I used to put together the newsletter in the office, before I had my MAC and before we all had John.  So a few long Sundays were spent down there.  But my favorite office story regards the security system.  Back before we had to have a staff member present when we opened up the building for small public events, we had a starfest scheduled.  Dean Wilson and I showed up on a rainy evening (yes, we did them rain or shine). I unlocked the door, ran to the office and could not get the alarm to shut off.  “YOU HAVE ENTERED A SECURED AREA!  THE POLICE HAVE BEEN CALLED!  PLEASE LEAVE!”  I always hated that recording.  Finally Ken Schlegel came and shut the damn thing off.  After the program (very sparsely attended), it was time to lock up and leave.  Dean waited outside the door.  I armed the alarm, shut off the lights and headed out the hall to cruise out by the light of the Coke machine.  Unfortunately, there must have been a total eclipse of the machine in process - that hall was pitch dark. And I was totally un-dark-adapted.  I started down the hall.  I ran my right shoulder into one of the coat racks.  I careened off like a pinball and hit a rack on the left side - this time with my face. As I fell to the floor, holding my nose, all I could think was “I’m gonna set the %^%$@!#$%  alarm off again!”.  I got up, holding my bleeding nose and bent glasses, and made it out the door in the nick of time.  Dean got a good laugh.  I had a divot where my glasses dug into my nose, but no other damage.  Needless to say, Robin got a good laugh too.  (She’s way down the list of people to go to for sympathy.)

The basement classroom was the site of several telescope-making extravaganzas.  Dave Ross, CEO of RevCo, made several generations of ‘scope workshops.  There are probably still pieces of label tape backing somewhere in that room.  We went through enough of it.  And then there was glue.  When we made the 4.25” Dobs, the poor soul I worked with loved to glue.  What he lacked in carpentry skill (almost everything) he made up for with glue.  I think three racehorses gave their lives so that he could have a telescope.  I hauled many sacks of birdseed out of that room as well - usually with Gordon Maupin and Dale Gurich on a Sunday afternoon in November.  I also remember coming down for a dress rehearsal for the first Enchanted Forest.  (They were not the well-oiled, ad-hoc events they are now).  Sitting in this downstairs classroom amid the costumes, noise and haste was a box of kittens.  Bob Hawes had brought them in from his barn.  Of course, Robin had to look in the box.  One kitten took an immediate liking to her - a tortoise shell with a “dirty nose”.  Of course, we took her home.  Some of you know her as Aphrodite, now almost 13 years old.

There is a little room off of the classroom. It has the Center’s electrical panels in it.  It used to be used for some storage as well, before we began to fear the building inspector.  One night I had to go into that room to reset the timer for the parking lot lights (in the old days).  I opened up the door, hit the light and there was a raccoon looking up at me with his fangs bared.  I jumped about three miles and slammed the door.  Then I realized he was sitting on a tree branch.  I started to think...  So I opened the door again, and there he was again, in the same pose.  Frozen forever by the taxidermist.   Don’t know what happened to that coon.  Must have given it away or something.  Don’t miss it a bit.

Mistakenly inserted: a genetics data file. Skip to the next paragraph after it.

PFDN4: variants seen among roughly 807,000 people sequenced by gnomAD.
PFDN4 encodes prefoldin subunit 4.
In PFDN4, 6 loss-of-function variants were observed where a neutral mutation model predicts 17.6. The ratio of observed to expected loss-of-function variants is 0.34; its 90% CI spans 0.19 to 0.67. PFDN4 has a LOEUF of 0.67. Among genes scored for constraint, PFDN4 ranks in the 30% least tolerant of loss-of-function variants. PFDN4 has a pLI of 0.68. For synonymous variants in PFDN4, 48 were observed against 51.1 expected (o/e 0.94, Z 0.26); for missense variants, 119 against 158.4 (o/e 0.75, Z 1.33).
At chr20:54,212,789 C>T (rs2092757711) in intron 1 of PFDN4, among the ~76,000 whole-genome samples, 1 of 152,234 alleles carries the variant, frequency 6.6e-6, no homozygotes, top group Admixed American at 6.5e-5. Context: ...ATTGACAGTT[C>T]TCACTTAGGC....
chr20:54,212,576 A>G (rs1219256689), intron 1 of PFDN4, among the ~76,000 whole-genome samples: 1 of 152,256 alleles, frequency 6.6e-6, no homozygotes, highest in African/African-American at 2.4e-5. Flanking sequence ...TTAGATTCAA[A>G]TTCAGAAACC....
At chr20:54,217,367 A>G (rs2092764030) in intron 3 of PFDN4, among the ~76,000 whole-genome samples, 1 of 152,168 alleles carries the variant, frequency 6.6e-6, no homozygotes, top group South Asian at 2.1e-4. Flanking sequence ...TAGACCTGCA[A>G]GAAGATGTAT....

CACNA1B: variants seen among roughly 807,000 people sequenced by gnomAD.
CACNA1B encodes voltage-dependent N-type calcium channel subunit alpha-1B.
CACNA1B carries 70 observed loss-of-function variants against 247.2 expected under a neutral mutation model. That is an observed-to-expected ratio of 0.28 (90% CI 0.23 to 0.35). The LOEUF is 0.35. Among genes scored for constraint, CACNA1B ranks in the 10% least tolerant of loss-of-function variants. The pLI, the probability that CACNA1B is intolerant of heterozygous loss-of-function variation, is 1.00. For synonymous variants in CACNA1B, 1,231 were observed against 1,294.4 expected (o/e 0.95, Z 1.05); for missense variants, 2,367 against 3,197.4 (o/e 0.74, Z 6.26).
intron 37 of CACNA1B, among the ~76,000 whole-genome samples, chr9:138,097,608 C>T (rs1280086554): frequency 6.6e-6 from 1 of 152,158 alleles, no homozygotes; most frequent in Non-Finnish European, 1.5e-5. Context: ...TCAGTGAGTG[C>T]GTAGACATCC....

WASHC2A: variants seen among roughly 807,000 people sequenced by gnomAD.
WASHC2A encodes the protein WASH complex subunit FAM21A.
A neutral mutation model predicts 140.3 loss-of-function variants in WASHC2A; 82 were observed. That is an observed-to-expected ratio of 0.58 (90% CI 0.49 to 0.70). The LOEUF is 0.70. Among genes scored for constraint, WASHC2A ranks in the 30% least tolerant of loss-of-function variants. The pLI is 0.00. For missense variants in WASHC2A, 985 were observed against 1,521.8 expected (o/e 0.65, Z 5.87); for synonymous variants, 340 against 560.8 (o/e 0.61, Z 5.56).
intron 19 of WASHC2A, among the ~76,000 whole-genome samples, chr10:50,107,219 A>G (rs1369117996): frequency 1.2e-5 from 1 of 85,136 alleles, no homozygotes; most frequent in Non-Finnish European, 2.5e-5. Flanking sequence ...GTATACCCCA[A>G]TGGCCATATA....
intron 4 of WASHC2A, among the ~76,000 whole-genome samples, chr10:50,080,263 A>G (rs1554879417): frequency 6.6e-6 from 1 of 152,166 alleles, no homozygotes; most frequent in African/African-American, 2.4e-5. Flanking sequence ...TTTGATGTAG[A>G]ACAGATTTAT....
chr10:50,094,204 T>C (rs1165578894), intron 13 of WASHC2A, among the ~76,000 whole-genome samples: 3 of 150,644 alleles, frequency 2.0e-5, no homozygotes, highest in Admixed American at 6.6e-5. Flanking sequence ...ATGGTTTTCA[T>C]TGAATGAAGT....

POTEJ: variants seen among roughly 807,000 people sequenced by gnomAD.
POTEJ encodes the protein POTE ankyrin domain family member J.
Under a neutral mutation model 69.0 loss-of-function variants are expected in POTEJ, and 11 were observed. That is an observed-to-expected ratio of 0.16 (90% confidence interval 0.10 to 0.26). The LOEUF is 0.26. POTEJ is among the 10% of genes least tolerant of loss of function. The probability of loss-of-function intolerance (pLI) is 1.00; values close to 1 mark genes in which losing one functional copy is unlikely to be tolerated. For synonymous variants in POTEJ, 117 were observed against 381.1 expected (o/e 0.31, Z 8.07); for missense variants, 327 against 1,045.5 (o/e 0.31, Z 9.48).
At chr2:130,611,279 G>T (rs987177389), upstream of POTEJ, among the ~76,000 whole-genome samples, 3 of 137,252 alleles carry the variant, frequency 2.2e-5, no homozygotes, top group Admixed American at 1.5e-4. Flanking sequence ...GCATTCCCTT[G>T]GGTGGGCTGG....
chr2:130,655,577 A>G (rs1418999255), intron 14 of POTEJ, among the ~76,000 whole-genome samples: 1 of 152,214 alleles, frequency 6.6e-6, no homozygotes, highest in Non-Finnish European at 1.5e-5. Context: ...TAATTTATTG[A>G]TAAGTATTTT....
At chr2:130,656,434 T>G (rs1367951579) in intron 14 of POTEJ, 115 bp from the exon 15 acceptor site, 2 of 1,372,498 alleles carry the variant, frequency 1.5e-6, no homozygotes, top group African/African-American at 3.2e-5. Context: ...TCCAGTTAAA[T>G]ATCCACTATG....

Various things happened in the storage rooms back the hall.  We used to store the Giust refractor in the “Library”, so we often went in and out of there when we set up that scope.  Unfortunately, the plumbing leaked above where we stored it, so we got rust on the scope.  Should be only a memory with the new powder coating job.

The maintenance shop.  I can see it full of birdseed.  Ken Schlegel had the courage or stupidity to show me how to drive the new Ford tractor so that I could pull it out when we needed to.  I don’t think I ever damaged it. Much.  We (Kent & I) had the hubris to offer a mirror grinding class with a grand total of two 6” mirrors of experience between us.  Luckily, the “Doctor”, Dave Stansberry, decided to take the class, and he became a co-instructor.  Saved our bacon.  We would come down each Saturday morning and set up the barrels and grind from 9 to noon.  Had about 8 brave souls including Gary Liknes, Dean Wilson and Eric Mast.  One of the sessions we were heavy into testing.  There was a box of Bob Maxfield’s peanuts down there. I ate so many, I got sick.  We had shells all over the place.  We also used the shop to work on the Dob workshop scope parts - lots of help from members.  We also took the Keller Scope apart down there.  It was preserved on video.  It is a wonder it went back together.  Who knew that a sledgehammer was part of the telescope maintenance kit?  And we broke a sledge getting the shafts out!

Lots of wonderful memories of the last 18 years live in the Interpretive Building. On my last visit, May 26, I found myself wandering around the building, looking at ghosts and memories.  I remember a similar, misty feeling when we left our home in Perry Heights for the last time.  If the new IB, and the Astronomy Building are half as versatile, half as resilient and half as much fun, we’ll have a great time.  Thank you, Interpretive Building for a great 18 years.  Thanks to those who designed the current IB for making a really fun place.  And thanks to Gordon and the staff for trusting us to use the building.